α-Glucosidase inhibitors from Brickellia cavanillesii. Escandón-Rivera, S., González-Andrade, M., Bye, R., Linares, E., Navarrete, A., & Mata, R. Journal of Natural Products, 2012.
abstract   bibtex   
An aqueous extract from the aerial parts of Brickellia cavanillesii attenuated postprandial hyperglycemia in diabetic mice during oral glucose and sucrose tolerance tests. Experimental type-II DM was achieved by treating mice with streptozotocin (100 mg/kg) and β-nicotinamide adenine dinucleotide (40 mg/kg). These pharmacological results demonstrated that B. cavanillesii is effective for controlling fasting and postprandial blood glucose levels in animal models. The same aqueous extract also showed potent inhibitory activity (IC 50 = 0.169 vs 1.12 mg/mL for acarbose) against yeast α-glucosidase. Bioassay-guided fractionation of the active extract using the α-glucosidase inhibitory assay led to the isolation of several compounds including two chromenes [6-acetyl-5-hydroxy-2,2-dimethyl-2H-chromene (1) and 6-hydroxyacetyl-5-hydroxy-2,2-dimethyl-2H-chromene (2)], two sesquiterpene lactones [caleins B (3) and C (4)] , several flavonoids [acacetin (5), genkwanin (6), isorhamnetin (7), kaempferol (8), and quercetin (9)], and 3,5-di-O-caffeoylquinic acid (10). Chromene 2 is a new chemical entity. Compounds 2, 4, 7, and 9 inhibited the activity of yeast α-glucosidase with IC 50 0.42, 0.28, 0.16, and 0.53 mM, respectively, vs 1.7 mM for acarbose. Kinetic analysis revealed that compounds 4 and 7 behaved as mixed-type inhibitors with K i values of 1.91 and 0.41 mM, respectively, while 2 was noncompetititive, with a K i of 0.13 mM. Docking analysis predicted that these compounds, except 2, bind to the enzyme at the catalytic site. © 2012 The American Chemical Society and American Society of Pharmacognosy.
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 title = {α-Glucosidase inhibitors from Brickellia cavanillesii},
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 year = {2012},
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 abstract = {An aqueous extract from the aerial parts of Brickellia cavanillesii attenuated postprandial hyperglycemia in diabetic mice during oral glucose and sucrose tolerance tests. Experimental type-II DM was achieved by treating mice with streptozotocin (100 mg/kg) and β-nicotinamide adenine dinucleotide (40 mg/kg). These pharmacological results demonstrated that B. cavanillesii is effective for controlling fasting and postprandial blood glucose levels in animal models. The same aqueous extract also showed potent inhibitory activity (IC 50  = 0.169 vs 1.12 mg/mL for acarbose) against yeast α-glucosidase. Bioassay-guided fractionation of the active extract using the α-glucosidase inhibitory assay led to the isolation of several compounds including two chromenes [6-acetyl-5-hydroxy-2,2-dimethyl-2H-chromene (1) and 6-hydroxyacetyl-5-hydroxy-2,2-dimethyl-2H-chromene (2)], two sesquiterpene lactones [caleins B (3) and C (4)] , several flavonoids [acacetin (5), genkwanin (6), isorhamnetin (7), kaempferol (8), and quercetin (9)], and 3,5-di-O-caffeoylquinic acid (10). Chromene 2 is a new chemical entity. Compounds 2, 4, 7, and 9 inhibited the activity of yeast α-glucosidase with IC 50  0.42, 0.28, 0.16, and 0.53 mM, respectively, vs 1.7 mM for acarbose. Kinetic analysis revealed that compounds 4 and 7 behaved as mixed-type inhibitors with K i  values of 1.91 and 0.41 mM, respectively, while 2 was noncompetititive, with a K i  of 0.13 mM. Docking analysis predicted that these compounds, except 2, bind to the enzyme at the catalytic site. © 2012 The American Chemical Society and American Society of Pharmacognosy.},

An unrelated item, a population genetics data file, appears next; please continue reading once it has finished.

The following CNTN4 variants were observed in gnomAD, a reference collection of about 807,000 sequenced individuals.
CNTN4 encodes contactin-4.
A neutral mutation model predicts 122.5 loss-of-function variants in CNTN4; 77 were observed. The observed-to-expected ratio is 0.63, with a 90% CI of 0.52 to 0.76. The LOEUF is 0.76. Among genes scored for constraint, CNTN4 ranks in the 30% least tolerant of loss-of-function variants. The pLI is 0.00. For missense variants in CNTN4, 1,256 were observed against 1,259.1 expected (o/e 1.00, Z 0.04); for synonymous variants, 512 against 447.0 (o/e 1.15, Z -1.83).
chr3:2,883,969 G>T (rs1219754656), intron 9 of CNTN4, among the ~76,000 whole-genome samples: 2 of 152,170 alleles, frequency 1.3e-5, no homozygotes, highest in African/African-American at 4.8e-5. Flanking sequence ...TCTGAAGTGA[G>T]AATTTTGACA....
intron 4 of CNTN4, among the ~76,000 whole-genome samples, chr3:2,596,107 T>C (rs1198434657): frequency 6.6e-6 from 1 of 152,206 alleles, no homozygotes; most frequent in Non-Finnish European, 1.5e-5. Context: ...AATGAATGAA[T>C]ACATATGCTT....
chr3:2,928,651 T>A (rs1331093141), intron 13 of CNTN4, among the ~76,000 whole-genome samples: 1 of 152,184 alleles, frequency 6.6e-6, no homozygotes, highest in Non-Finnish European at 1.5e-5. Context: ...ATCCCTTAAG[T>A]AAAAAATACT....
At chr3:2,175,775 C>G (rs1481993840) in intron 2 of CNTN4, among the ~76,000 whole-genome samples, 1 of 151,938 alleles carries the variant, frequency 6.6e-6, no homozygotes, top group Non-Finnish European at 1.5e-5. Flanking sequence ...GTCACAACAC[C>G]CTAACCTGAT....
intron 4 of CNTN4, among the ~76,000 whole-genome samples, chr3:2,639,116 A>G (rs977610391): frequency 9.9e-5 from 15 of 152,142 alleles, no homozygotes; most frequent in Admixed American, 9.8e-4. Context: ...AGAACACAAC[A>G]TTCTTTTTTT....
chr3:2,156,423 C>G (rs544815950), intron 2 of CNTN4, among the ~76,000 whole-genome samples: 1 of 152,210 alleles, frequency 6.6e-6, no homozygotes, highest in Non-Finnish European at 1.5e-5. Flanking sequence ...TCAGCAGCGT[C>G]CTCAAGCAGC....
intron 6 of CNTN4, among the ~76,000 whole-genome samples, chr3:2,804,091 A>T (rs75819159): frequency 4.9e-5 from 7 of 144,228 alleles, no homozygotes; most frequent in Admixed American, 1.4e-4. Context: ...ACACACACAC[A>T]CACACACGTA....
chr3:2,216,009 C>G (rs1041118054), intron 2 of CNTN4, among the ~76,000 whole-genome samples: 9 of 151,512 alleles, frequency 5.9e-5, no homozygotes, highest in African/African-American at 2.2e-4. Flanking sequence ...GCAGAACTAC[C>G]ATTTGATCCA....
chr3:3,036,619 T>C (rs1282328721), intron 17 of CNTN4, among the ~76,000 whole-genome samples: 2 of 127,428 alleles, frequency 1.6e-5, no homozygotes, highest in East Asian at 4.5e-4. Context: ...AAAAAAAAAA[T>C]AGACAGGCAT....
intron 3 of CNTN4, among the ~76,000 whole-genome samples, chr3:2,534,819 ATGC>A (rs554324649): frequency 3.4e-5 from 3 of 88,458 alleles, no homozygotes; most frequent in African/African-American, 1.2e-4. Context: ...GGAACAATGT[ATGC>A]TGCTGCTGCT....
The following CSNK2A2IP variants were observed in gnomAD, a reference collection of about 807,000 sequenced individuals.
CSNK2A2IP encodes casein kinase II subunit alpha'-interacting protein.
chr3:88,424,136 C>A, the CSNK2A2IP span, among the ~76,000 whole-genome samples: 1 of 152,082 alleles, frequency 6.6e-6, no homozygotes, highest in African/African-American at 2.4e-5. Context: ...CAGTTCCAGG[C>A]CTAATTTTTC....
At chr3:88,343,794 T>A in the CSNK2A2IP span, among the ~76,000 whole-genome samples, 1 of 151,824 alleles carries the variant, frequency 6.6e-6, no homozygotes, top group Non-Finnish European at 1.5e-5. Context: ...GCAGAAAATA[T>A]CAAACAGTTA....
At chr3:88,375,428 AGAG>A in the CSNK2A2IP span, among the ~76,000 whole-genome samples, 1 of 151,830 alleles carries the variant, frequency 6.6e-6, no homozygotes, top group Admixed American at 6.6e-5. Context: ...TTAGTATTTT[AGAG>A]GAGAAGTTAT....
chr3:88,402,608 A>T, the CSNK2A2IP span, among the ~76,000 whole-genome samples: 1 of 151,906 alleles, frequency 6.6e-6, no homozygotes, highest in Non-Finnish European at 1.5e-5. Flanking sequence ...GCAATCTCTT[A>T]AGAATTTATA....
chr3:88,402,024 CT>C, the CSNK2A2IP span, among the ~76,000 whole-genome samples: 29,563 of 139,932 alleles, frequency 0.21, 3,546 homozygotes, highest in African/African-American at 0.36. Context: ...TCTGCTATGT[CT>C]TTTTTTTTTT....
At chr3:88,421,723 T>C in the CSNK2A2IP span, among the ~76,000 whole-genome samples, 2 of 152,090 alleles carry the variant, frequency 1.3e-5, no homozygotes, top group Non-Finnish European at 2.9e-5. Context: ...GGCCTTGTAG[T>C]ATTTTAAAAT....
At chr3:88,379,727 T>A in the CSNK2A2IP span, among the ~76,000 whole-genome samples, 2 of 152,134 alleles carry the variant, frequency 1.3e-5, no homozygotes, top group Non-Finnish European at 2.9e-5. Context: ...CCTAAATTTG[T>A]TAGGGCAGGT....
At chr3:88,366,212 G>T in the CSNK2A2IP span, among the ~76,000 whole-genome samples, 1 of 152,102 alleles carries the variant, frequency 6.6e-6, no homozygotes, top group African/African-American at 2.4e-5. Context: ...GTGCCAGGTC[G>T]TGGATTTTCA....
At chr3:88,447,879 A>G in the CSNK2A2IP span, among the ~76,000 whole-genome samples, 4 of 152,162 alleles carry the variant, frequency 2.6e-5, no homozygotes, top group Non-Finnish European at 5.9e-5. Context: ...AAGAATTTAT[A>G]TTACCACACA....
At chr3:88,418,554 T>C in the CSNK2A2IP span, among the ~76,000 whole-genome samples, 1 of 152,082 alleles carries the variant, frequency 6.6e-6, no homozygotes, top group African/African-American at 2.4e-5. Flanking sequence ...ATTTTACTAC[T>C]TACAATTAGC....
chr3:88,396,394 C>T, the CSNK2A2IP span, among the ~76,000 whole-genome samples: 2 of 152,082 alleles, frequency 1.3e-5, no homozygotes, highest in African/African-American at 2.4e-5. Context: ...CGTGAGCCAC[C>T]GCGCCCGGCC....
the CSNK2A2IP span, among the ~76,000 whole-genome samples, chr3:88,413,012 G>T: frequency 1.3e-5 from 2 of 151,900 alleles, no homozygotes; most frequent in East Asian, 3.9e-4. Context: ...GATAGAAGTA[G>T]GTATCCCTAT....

bibtype = {article},
 author = {Escandón-Rivera, S. and González-Andrade, M. and Bye, R. and Linares, E. and Navarrete, A. and Mata, R.},
 journal = {Journal of Natural Products},
 number = {5}
}
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